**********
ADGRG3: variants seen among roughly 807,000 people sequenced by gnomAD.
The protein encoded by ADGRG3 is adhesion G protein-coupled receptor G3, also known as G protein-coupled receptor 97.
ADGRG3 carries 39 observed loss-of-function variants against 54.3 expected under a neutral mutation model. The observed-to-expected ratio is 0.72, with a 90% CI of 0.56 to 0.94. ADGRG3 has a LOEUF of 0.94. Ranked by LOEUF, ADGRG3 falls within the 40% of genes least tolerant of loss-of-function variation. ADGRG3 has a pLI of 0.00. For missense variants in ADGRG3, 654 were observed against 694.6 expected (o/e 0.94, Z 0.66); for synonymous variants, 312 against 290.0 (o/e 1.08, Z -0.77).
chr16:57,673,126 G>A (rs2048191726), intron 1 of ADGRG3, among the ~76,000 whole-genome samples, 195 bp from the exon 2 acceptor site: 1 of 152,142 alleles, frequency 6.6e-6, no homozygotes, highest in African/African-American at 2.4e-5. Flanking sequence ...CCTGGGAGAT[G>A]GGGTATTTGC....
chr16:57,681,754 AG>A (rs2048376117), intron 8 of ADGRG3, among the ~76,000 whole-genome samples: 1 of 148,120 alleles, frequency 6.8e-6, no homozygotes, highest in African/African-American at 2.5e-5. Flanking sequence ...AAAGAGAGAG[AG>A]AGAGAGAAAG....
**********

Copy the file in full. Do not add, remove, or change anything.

ADGRG3: variants seen among roughly 807,000 people sequenced by gnomAD.
The protein encoded by ADGRG3 is adhesion G protein-coupled receptor G3, also known as G protein-coupled receptor 97.
ADGRG3 carries 39 observed loss-of-function variants against 54.3 expected under a neutral mutation model. The observed-to-expected ratio is 0.72, with a 90% CI of 0.56 to 0.94. ADGRG3 has a LOEUF of 0.94. Ranked by LOEUF, ADGRG3 falls within the 40% of genes least tolerant of loss-of-function variation. ADGRG3 has a pLI of 0.00. For missense variants in ADGRG3, 654 were observed against 694.6 expected (o/e 0.94, Z 0.66); for synonymous variants, 312 against 290.0 (o/e 1.08, Z -0.77).
chr16:57,673,126 G>A (rs2048191726), intron 1 of ADGRG3, among the ~76,000 whole-genome samples, 195 bp from the exon 2 acceptor site: 1 of 152,142 alleles, frequency 6.6e-6, no homozygotes, highest in African/African-American at 2.4e-5. Flanking sequence ...CCTGGGAGAT[G>A]GGGTATTTGC....
chr16:57,681,754 AG>A (rs2048376117), intron 8 of ADGRG3, among the ~76,000 whole-genome samples: 1 of 148,120 alleles, frequency 6.8e-6, no homozygotes, highest in African/African-American at 2.5e-5. Flanking sequence ...AAAGAGAGAG[AG>A]AGAGAGAAAG....